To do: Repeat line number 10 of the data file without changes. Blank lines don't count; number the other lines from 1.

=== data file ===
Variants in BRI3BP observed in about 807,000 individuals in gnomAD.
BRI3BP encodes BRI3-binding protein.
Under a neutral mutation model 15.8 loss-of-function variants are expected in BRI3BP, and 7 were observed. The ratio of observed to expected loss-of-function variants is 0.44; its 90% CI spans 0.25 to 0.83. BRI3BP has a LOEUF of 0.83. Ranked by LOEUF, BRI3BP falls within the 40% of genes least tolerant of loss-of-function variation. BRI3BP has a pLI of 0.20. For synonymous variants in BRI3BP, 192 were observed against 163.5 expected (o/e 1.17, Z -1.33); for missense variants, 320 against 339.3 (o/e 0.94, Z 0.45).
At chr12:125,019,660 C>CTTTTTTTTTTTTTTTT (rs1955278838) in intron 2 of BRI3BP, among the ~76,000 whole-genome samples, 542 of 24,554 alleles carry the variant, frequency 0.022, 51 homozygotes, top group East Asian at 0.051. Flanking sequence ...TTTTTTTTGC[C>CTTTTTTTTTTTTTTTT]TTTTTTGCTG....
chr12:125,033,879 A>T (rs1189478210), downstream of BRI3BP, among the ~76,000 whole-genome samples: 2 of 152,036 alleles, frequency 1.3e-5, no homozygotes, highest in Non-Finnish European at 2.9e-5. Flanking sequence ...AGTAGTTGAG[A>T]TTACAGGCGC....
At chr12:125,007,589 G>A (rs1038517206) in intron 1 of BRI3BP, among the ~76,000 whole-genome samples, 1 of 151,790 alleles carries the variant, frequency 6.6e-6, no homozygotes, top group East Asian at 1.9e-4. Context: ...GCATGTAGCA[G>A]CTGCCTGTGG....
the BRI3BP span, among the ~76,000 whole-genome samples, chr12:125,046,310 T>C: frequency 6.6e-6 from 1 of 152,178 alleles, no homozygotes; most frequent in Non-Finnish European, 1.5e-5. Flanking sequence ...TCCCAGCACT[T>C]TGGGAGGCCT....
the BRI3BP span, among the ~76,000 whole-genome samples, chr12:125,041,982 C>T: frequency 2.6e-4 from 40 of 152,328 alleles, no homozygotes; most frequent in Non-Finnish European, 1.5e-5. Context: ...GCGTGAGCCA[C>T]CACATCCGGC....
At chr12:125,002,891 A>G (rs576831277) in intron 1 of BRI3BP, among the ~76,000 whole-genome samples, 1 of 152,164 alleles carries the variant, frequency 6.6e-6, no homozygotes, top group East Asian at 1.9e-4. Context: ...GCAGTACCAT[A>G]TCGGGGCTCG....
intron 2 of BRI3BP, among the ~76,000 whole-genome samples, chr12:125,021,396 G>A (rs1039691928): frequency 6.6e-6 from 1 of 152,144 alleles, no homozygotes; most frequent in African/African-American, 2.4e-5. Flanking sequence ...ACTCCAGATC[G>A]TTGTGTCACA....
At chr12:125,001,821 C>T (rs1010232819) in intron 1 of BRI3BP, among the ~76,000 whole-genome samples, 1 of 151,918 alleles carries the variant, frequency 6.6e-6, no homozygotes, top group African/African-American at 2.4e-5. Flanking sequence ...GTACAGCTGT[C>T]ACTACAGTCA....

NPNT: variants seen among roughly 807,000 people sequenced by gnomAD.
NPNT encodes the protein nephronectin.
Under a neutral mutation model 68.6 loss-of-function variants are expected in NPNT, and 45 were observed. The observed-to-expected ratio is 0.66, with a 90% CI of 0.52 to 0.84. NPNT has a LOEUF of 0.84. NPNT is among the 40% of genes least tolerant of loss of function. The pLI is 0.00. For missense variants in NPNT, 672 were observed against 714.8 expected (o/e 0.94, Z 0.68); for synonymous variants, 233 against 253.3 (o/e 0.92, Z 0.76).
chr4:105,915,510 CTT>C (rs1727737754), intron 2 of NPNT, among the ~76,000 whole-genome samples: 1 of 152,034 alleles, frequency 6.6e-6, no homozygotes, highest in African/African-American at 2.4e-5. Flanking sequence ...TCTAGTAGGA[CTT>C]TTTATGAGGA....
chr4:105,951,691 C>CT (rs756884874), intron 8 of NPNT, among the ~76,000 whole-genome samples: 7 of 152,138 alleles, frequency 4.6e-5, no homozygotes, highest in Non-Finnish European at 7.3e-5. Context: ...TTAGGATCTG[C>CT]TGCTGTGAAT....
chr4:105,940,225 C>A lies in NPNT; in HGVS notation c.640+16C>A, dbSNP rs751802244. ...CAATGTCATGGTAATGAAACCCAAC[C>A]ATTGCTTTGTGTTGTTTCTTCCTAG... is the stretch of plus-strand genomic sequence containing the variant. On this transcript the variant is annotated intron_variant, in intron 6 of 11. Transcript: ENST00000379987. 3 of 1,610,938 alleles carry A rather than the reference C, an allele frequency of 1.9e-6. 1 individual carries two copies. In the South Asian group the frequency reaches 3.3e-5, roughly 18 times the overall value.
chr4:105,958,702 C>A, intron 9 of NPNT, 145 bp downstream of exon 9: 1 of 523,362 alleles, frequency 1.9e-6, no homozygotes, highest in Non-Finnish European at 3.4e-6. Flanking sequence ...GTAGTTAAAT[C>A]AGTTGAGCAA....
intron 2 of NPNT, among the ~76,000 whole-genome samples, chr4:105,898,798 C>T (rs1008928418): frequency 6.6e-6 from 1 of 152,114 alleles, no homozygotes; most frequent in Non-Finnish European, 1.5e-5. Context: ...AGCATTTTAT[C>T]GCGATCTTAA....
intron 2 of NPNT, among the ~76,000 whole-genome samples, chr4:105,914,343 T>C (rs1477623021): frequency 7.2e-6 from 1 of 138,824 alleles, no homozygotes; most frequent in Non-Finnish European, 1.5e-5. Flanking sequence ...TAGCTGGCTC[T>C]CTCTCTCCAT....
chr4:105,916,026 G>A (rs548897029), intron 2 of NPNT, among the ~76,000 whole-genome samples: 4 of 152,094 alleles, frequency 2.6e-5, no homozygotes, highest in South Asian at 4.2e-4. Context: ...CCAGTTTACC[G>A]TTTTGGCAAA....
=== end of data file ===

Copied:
intron 2 of BRI3BP, among the ~76,000 whole-genome samples, chr12:125,021,396 G>A (rs1039691928): frequency 6.6e-6 from 1 of 152,144 alleles, no homozygotes; most frequent in African/African-American, 2.4e-5. Flanking sequence ...ACTCCAGATC[G>A]TTGTGTCACA....